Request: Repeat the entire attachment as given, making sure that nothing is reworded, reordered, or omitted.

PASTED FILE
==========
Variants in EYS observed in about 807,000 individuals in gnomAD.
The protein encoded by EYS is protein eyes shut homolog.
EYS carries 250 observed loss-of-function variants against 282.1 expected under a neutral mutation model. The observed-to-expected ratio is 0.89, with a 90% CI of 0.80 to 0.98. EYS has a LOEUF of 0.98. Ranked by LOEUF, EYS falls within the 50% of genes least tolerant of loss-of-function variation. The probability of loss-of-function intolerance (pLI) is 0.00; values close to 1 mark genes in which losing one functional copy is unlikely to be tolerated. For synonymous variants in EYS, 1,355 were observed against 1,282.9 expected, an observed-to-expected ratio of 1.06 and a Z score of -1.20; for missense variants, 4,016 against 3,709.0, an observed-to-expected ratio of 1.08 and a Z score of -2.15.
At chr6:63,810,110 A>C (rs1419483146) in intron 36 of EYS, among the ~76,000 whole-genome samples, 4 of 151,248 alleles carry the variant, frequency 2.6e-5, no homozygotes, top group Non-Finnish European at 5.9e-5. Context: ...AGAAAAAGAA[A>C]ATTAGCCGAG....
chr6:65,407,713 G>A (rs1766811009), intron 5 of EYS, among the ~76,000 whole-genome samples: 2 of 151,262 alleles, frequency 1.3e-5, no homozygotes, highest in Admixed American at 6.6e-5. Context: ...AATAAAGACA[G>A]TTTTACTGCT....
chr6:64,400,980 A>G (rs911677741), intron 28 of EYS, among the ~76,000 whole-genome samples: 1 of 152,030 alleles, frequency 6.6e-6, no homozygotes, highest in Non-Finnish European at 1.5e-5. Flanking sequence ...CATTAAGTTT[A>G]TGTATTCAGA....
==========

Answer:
Variants in EYS observed in about 807,000 individuals in gnomAD.
The protein encoded by EYS is protein eyes shut homolog.
EYS carries 250 observed loss-of-function variants against 282.1 expected under a neutral mutation model. The observed-to-expected ratio is 0.89, with a 90% CI of 0.80 to 0.98. EYS has a LOEUF of 0.98. Ranked by LOEUF, EYS falls within the 50% of genes least tolerant of loss-of-function variation. The probability of loss-of-function intolerance (pLI) is 0.00; values close to 1 mark genes in which losing one functional copy is unlikely to be tolerated. For synonymous variants in EYS, 1,355 were observed against 1,282.9 expected, an observed-to-expected ratio of 1.06 and a Z score of -1.20; for missense variants, 4,016 against 3,709.0, an observed-to-expected ratio of 1.08 and a Z score of -2.15.
At chr6:63,810,110 A>C (rs1419483146) in intron 36 of EYS, among the ~76,000 whole-genome samples, 4 of 151,248 alleles carry the variant, frequency 2.6e-5, no homozygotes, top group Non-Finnish European at 5.9e-5. Context: ...AGAAAAAGAA[A>C]ATTAGCCGAG....
chr6:65,407,713 G>A (rs1766811009), intron 5 of EYS, among the ~76,000 whole-genome samples: 2 of 151,262 alleles, frequency 1.3e-5, no homozygotes, highest in Admixed American at 6.6e-5. Context: ...AATAAAGACA[G>A]TTTTACTGCT....
chr6:64,400,980 A>G (rs911677741), intron 28 of EYS, among the ~76,000 whole-genome samples: 1 of 152,030 alleles, frequency 6.6e-6, no homozygotes, highest in Non-Finnish European at 1.5e-5. Flanking sequence ...CATTAAGTTT[A>G]TGTATTCAGA....